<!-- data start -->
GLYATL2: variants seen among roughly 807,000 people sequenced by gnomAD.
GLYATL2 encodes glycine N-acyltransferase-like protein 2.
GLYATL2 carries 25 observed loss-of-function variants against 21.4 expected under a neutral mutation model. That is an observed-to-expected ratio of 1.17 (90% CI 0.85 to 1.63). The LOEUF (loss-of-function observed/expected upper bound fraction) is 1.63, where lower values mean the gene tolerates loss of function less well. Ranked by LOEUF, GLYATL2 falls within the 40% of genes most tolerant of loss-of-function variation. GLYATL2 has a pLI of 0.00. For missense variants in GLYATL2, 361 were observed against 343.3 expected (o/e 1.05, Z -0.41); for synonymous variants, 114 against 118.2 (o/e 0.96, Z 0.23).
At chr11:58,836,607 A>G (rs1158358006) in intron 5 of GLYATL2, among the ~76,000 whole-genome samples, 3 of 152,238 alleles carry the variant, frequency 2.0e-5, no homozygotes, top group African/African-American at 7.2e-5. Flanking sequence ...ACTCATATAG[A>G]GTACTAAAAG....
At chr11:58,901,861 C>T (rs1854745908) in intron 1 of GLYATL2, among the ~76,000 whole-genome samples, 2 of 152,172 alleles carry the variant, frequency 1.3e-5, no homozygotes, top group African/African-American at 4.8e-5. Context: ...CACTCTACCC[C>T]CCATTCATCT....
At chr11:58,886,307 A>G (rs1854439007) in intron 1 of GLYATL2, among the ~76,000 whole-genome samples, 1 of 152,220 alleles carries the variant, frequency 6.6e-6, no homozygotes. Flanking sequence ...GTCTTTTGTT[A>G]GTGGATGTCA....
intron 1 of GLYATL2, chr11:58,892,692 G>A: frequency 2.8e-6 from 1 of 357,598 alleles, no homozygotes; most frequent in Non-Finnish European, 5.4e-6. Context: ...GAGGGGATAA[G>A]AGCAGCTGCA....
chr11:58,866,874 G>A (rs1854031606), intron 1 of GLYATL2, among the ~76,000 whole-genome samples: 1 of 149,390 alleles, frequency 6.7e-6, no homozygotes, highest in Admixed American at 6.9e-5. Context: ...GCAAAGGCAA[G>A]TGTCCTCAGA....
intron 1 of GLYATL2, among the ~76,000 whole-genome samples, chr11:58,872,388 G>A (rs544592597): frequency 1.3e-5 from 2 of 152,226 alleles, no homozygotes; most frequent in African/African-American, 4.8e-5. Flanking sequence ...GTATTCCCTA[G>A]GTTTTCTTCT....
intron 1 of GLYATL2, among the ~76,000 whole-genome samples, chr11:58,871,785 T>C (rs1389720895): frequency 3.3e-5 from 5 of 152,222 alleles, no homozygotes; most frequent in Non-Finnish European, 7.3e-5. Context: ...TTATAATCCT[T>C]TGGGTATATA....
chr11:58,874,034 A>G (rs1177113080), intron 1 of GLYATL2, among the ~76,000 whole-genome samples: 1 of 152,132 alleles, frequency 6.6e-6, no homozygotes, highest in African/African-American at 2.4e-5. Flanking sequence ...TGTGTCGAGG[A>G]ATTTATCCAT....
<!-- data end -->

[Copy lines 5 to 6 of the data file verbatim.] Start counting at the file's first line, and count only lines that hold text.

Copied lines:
At chr11:58,901,861 C>T (rs1854745908) in intron 1 of GLYATL2, among the ~76,000 whole-genome samples, 2 of 152,172 alleles carry the variant, frequency 1.3e-5, no homozygotes, top group African/African-American at 4.8e-5. Context: ...CACTCTACCC[C>T]CCATTCATCT....
At chr11:58,886,307 A>G (rs1854439007) in intron 1 of GLYATL2, among the ~76,000 whole-genome samples, 1 of 152,220 alleles carries the variant, frequency 6.6e-6, no homozygotes. Flanking sequence ...GTCTTTTGTT[A>G]GTGGATGTCA....